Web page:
Although this is my third Ironman, it is the first time I've gone self-coaching.  Like everything in life, there are pros and cons with coaching.  By going on my own, I can take the best of each previous coach's plan and apply it.  The downside is the self doubting sets in.  "I didn't run enough" or "I should have done more strength training"

Below is the tally of my training.  For 2012 and 2014, I used different coaches


* Didn't keep track of distance until July 
** Powertap wasn't tracking mileage properly while riding indoors

At least the weather looks half decent.  Two weeks ago, it was calling for 80% rain.  But it looks like there's going to be a nasty headwind riding out to the turn around point on Highway 117 on the second loop.

Sun Aug 16
Mainly sunny

  Feels like 27°C
 NW 20 km/h

Saturday, June 27, 2015

Catching Up

As I head into my third Ironman race, I realize how little I know about racing an Ironman.  Case in point, several weeks ago I was riding with the mighty Peter M (a multiple Ironman finisher and strong biker).  We headed out for a 5 hour ride when my rear water bottle holder broke.  I need to ride with four water bottles (600 ml) as I drink a lot of water even if its not hot.  Unable to fix the holder, I gave Peter one of my half filled water bottle to carry while I carried the other one in my jersey.  The first thing he said was, "Wow, this is heavy."  I thought to myself, "what's he complaining about?  Its only half filled."  I started thinking, when I race, I'm carrying three bottles of nutrition (250ish calories each) and one water bottle which I swap out.  At the bike special needs, I swap three new bottles of nutrition.  That's a lot of extra weight to carry over 180 km but how else would I get 250-300 calories per hour?  Gels?  Ugh.  Three gels per hour for six hours?  Barf.

As we rode, I talked to Peter about how he carries his nutrition and he uses Bonk Breaker.  I wasn't sold on eating solids during an Ironman and while I have a pretty strong stomach, coming off the bike last year at IMMT, my stomach was bloated.  I emailed Scobie about nutrition and he reminded me of the conversation we had several years ago.  He uses one super concentrated bottle of nutrition and picks up water at the aid stations.  Why carry all that extra weight?  Later I weighted a full water bottle and it weighted 1.5 pounds.  Last year I used the store bought Infinit.  It worked ok in training but not so great in the race.  I was bloated and wiped out coming off the bike last year.  With only 70 odd days to go to IMMT, I had to figure this nutrition problem out so I called Infinit Canada.  I spoke with Darcy Haggith CEO of Infinit Canada for about 45 minutes.  He was most helpful in explaining how he used Infinit at IMLP.  As Scobie said, "why make things so complicated?"  Darcy recommended loading one bottle super concentrated of Infinit and carry the other three bottles of water.  One sip of Infinit every 15 minutes and two sips of water.  I ordered a bag for the bike (a different mix for the run).  I told Darcy about my last couple of long rides (150 km+) I felt like crap and Sunday's long runs were a disaster.  He told me I wasn't fueling properly during and after Saturday's long ride.  Nuff said, I ordered a bag of Ride Infinit and Darcy threw in a couple of packages of recovery mix.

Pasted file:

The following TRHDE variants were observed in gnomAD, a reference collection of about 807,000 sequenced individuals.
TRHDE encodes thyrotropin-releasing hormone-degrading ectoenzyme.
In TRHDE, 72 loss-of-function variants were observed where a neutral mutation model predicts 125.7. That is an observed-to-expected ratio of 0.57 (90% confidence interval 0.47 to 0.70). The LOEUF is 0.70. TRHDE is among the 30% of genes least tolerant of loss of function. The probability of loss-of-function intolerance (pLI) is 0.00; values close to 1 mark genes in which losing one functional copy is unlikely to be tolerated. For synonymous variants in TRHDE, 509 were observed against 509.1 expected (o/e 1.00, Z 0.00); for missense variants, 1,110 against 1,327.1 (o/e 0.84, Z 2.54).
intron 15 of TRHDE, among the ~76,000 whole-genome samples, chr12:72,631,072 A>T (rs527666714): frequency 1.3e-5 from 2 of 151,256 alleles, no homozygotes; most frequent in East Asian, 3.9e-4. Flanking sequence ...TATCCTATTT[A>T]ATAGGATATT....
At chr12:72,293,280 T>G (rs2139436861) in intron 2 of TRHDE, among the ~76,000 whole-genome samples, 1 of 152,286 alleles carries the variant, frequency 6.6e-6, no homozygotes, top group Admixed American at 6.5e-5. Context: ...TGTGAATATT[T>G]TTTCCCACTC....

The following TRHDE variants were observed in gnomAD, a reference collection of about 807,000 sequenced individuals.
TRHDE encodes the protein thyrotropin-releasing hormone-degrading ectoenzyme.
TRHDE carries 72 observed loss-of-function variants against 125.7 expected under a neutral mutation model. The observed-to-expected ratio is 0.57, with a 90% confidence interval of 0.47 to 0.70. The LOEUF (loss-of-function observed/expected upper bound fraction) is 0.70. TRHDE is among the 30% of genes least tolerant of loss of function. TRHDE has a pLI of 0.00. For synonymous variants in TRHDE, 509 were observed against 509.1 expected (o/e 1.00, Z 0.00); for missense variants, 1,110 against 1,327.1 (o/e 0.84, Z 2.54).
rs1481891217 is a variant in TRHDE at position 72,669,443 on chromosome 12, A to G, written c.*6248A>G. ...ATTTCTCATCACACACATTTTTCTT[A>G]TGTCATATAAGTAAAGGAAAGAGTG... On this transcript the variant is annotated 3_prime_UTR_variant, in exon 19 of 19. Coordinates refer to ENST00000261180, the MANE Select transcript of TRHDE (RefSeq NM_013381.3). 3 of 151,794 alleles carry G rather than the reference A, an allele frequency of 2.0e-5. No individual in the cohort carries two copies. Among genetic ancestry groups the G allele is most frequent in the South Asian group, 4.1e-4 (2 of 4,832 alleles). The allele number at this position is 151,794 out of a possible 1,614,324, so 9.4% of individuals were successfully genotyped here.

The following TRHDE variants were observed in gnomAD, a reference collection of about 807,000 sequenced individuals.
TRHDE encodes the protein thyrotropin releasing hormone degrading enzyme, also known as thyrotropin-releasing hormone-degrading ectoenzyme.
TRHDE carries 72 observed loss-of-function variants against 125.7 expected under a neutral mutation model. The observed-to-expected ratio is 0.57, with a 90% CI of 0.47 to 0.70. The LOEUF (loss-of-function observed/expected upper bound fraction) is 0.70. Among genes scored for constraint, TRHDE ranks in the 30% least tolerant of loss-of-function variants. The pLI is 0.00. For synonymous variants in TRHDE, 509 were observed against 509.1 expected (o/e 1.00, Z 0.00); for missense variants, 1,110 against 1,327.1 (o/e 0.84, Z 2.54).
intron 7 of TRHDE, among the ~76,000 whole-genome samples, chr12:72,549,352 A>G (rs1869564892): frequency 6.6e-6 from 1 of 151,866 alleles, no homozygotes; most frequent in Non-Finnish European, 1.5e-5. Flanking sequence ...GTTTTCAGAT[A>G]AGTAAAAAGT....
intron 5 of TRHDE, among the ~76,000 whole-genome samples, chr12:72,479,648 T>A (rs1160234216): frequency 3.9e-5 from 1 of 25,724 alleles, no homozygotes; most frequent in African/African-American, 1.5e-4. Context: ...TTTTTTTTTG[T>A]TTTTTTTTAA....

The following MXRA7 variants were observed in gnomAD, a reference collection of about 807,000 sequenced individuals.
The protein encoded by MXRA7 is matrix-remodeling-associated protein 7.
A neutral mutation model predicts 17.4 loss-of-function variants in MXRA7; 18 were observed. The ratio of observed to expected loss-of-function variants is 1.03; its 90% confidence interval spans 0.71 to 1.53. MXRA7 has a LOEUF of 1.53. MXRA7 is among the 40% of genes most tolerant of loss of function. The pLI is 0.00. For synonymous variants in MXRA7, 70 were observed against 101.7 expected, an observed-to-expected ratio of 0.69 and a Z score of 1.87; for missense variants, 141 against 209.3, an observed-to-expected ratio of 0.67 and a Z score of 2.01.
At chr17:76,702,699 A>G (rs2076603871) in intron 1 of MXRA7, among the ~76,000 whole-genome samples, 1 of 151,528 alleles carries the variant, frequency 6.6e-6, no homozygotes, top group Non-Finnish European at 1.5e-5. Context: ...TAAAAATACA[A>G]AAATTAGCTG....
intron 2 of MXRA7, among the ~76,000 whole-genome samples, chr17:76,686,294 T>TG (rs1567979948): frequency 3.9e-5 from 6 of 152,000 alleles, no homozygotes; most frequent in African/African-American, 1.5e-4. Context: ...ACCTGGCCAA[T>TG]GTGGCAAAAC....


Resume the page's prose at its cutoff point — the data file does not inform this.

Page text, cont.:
I got the package last Friday and mixed up one bottle of super concentrated bottle Infinit (which was about 95% powder and 5% water).  The first thing I noticed it was super salty.  I'm a heavy sweater and have not been taking salt pills on my long ride.  Saturday's long ride was 164 km and I felt great.  I'm pretty sure I was drinking more nutrition and water than normal.  In fact, coming off the bike I ran a 6.60 km hilly run (well as hilly as this area gets) and I still felt good.  I used the recovery mix and couldn't believe what a difference it made.  On Sunday I didn't feel as crappy as the previous two weeks and was able to run 25 km at a half decent pace.  Lesson number one learned.  I ordered the run mix and a bag of recovery mix as well.  I"ll try it next week (this week is a recovery week).

Lesson Two - Body Weight

Last year I didn't really pay attention to my weight.  "Hey, I just rode 160 km.  I deserve a steak dinner and a couple of pints of beer!"  Needless to say, I only lost five pounds from January 1st to August 17th (race day).  Stunning, considering I swam 160 km, rode 4,200 km and ran over 840 km.
On January 1st this year, I tipped the scale at 185 pounds.  Oink oink.  This morning I weighted just under 175 pounds.  I hope to get down to 170 by race day.  The less junk in the trunk, the faster you go...........

That's all I got.  Ride safe